Wyoming State Senate Passes Utility Token Securities Exemption BillMarch 12, 2018
Image Credit: Photo by Dmitry Sovyak on Unsplash
Wyoming is rapidly developing a presence as the most crypto-friendly state in the US with the recent unanimous passing of a bill that exempts some utility tokens from securities regulations.
House Bill 70, labeled the “utility token bill”, was passed by the Wyoming State Senate on the 7th of March, and now heads to Governor Matt Mead for approval.
Publicly available information from Legiscan shows that the bill, designed to exempt specific cryptocurrencies from state money transmission laws, moved swiftly through the Senate, passing the third reading at Wyoming’s House of Representatives on the 19th of February.
The bill, which is the first of its kind to legally define the way in which specific types of crypto tokens are treated by regulatory bodies, excludes “developers or sellers” of tokens from securities laws under the caveat that they meet certain conditions.
In order to meet these requirements, the token must not be offered as an investment and must be offered as a vehicle for exchange as a utility token:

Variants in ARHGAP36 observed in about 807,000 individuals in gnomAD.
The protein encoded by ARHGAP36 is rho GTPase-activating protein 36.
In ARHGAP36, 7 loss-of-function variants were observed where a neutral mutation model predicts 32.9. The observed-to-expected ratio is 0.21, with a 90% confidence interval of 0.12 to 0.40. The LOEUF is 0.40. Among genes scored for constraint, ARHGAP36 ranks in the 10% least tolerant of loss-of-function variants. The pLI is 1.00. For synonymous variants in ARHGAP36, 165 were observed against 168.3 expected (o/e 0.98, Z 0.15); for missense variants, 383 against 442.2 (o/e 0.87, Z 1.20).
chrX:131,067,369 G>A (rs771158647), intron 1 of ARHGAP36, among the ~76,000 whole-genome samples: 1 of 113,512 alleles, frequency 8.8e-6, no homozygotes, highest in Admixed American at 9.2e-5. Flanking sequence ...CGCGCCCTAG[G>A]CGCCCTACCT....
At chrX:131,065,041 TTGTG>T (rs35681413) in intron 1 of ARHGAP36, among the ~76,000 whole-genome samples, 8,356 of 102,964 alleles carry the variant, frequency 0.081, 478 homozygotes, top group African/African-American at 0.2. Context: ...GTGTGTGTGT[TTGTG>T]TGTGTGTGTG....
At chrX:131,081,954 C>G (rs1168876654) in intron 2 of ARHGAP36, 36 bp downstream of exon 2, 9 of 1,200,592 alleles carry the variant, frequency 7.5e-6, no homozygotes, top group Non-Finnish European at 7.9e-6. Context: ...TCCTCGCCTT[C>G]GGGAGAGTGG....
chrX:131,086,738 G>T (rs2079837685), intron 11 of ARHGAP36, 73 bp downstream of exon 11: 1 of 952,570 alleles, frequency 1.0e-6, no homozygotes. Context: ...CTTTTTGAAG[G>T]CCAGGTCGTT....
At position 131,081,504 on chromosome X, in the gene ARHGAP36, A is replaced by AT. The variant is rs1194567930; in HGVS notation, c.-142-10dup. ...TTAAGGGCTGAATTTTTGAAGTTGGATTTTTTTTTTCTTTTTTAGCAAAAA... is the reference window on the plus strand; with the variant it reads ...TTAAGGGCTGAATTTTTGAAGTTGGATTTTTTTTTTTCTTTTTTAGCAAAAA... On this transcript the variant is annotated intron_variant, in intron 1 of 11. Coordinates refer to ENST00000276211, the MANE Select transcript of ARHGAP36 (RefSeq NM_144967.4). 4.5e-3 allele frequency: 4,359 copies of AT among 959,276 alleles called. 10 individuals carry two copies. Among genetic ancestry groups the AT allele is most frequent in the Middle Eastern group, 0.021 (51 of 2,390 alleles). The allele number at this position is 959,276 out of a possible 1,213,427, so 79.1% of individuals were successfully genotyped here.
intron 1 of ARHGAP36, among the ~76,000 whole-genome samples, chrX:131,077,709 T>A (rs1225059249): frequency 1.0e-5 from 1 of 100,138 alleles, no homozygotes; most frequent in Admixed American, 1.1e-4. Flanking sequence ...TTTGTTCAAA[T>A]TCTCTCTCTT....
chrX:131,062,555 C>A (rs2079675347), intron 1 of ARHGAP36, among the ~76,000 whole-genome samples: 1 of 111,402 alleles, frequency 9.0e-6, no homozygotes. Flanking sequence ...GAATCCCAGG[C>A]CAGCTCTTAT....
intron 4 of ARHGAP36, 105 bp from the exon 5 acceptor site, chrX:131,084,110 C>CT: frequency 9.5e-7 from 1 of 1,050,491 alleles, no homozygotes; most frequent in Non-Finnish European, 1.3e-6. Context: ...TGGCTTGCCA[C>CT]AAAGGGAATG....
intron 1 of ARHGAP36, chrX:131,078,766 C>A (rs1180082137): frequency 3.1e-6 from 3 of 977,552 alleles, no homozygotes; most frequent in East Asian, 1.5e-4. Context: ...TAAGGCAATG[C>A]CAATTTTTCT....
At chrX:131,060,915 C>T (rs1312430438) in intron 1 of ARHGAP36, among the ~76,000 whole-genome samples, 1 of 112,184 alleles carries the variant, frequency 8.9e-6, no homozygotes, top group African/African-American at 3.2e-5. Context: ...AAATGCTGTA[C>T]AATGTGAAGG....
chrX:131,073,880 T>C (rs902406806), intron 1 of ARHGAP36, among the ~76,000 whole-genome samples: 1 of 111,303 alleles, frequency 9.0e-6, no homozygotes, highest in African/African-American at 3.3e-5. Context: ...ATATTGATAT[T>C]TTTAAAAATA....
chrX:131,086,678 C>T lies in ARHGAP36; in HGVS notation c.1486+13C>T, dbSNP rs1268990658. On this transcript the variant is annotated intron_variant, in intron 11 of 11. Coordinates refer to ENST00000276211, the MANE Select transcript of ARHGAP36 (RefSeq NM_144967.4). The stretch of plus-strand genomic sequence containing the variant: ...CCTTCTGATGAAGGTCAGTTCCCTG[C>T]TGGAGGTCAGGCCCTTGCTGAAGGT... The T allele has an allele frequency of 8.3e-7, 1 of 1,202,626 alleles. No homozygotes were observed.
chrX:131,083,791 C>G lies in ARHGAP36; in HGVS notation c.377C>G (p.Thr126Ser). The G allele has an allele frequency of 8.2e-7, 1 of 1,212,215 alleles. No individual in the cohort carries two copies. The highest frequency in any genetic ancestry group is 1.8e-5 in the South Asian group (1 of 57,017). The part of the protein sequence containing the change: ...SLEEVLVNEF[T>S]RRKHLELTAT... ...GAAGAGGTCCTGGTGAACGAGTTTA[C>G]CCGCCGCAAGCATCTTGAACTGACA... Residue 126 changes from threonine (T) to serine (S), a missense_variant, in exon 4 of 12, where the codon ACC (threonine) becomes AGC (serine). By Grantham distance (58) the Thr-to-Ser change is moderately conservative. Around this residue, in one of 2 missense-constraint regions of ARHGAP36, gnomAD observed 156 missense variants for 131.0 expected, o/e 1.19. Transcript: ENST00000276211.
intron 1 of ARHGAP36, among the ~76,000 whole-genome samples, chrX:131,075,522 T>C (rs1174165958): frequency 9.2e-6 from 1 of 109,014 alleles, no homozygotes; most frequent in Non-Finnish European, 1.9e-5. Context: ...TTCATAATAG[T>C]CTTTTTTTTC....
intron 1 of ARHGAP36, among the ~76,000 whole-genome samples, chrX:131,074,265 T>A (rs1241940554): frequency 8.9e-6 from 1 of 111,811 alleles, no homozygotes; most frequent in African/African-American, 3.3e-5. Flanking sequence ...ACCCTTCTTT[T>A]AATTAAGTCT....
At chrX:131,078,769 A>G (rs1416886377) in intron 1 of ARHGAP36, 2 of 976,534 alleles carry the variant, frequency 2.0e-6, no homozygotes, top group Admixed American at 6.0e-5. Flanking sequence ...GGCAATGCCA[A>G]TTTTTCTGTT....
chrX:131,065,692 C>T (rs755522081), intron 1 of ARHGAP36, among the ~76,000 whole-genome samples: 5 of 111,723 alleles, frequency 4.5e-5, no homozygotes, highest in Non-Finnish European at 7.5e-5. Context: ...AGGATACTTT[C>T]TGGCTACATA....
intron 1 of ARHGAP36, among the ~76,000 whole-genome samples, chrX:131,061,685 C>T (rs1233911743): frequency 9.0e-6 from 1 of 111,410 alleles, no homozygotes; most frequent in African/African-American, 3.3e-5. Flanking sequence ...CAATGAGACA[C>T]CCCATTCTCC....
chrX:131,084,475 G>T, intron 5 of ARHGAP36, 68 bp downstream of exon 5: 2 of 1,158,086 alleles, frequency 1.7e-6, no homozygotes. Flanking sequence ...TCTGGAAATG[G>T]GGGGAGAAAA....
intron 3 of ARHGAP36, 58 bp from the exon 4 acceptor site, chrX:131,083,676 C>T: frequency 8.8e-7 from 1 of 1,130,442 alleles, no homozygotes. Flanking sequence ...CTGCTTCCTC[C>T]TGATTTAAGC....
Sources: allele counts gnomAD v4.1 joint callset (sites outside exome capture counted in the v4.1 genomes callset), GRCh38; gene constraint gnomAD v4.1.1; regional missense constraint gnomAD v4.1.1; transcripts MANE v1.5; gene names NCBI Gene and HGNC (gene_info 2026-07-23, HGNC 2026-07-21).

“A person who develops, sells or facilitates the exchange of an open blockchain token is not subject to specified securities and money transmission laws… (provided that) the purpose of the token is for a consumptive purpose, which shall only be exchangeable for, or provided for the receipt of, goods, services or content, including rights of access to goods, services or content; and the developer or seller of the token did not sell the token to the initial buyer as a financial investment”
The move is at odds with the current regulatory stance in the US, with the SEC recently issuing subpoenas to a number of initial coin offerings that are at risk of violating US securities law.
While certain parties are excluded from the bill, including credit unions and banks, Wyoming appears to be positioning itself as the most progressive US state regarding cryptocurrency regulation.
In addition to house bill 70, another bill, Senate Bill 111, was introduced last week that could potentially see “virtual currencies” completely exempt from being taxed as property. Interestingly, virtual currencies are defined in the bill as any store of value, medium of exchange or unit of account that is specifically not recognized as legal tender by the federal government. If passed, this prospective bill would concrete Wyoming’s position as the cryptocurrency capital of America.
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